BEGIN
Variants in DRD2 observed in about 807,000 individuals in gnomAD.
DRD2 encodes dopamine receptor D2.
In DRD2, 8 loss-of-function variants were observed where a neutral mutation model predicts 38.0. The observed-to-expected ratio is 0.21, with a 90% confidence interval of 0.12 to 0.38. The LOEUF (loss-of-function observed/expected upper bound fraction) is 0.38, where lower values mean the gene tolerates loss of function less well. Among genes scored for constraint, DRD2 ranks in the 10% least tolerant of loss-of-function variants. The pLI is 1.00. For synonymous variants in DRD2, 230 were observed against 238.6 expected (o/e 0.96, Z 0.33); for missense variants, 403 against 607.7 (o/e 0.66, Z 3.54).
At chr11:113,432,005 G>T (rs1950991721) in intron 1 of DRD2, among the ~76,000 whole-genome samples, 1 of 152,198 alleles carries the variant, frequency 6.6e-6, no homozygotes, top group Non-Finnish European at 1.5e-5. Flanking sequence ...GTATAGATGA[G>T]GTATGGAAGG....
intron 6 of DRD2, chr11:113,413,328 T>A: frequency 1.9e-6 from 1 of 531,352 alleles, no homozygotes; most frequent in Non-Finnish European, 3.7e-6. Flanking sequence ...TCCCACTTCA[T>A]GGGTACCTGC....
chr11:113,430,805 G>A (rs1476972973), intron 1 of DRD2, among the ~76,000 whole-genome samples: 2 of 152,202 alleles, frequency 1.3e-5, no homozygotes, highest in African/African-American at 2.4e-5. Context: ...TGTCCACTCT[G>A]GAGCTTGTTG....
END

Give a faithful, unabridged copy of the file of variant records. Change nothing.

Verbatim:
Variants in DRD2 observed in about 807,000 individuals in gnomAD.
DRD2 encodes dopamine receptor D2.
In DRD2, 8 loss-of-function variants were observed where a neutral mutation model predicts 38.0. The observed-to-expected ratio is 0.21, with a 90% confidence interval of 0.12 to 0.38. The LOEUF (loss-of-function observed/expected upper bound fraction) is 0.38, where lower values mean the gene tolerates loss of function less well. Among genes scored for constraint, DRD2 ranks in the 10% least tolerant of loss-of-function variants. The pLI is 1.00. For synonymous variants in DRD2, 230 were observed against 238.6 expected (o/e 0.96, Z 0.33); for missense variants, 403 against 607.7 (o/e 0.66, Z 3.54).
At chr11:113,432,005 G>T (rs1950991721) in intron 1 of DRD2, among the ~76,000 whole-genome samples, 1 of 152,198 alleles carries the variant, frequency 6.6e-6, no homozygotes, top group Non-Finnish European at 1.5e-5. Flanking sequence ...GTATAGATGA[G>T]GTATGGAAGG....
intron 6 of DRD2, chr11:113,413,328 T>A: frequency 1.9e-6 from 1 of 531,352 alleles, no homozygotes; most frequent in Non-Finnish European, 3.7e-6. Flanking sequence ...TCCCACTTCA[T>A]GGGTACCTGC....
chr11:113,430,805 G>A (rs1476972973), intron 1 of DRD2, among the ~76,000 whole-genome samples: 2 of 152,202 alleles, frequency 1.3e-5, no homozygotes, highest in African/African-American at 2.4e-5. Context: ...TGTCCACTCT[G>A]GAGCTTGTTG....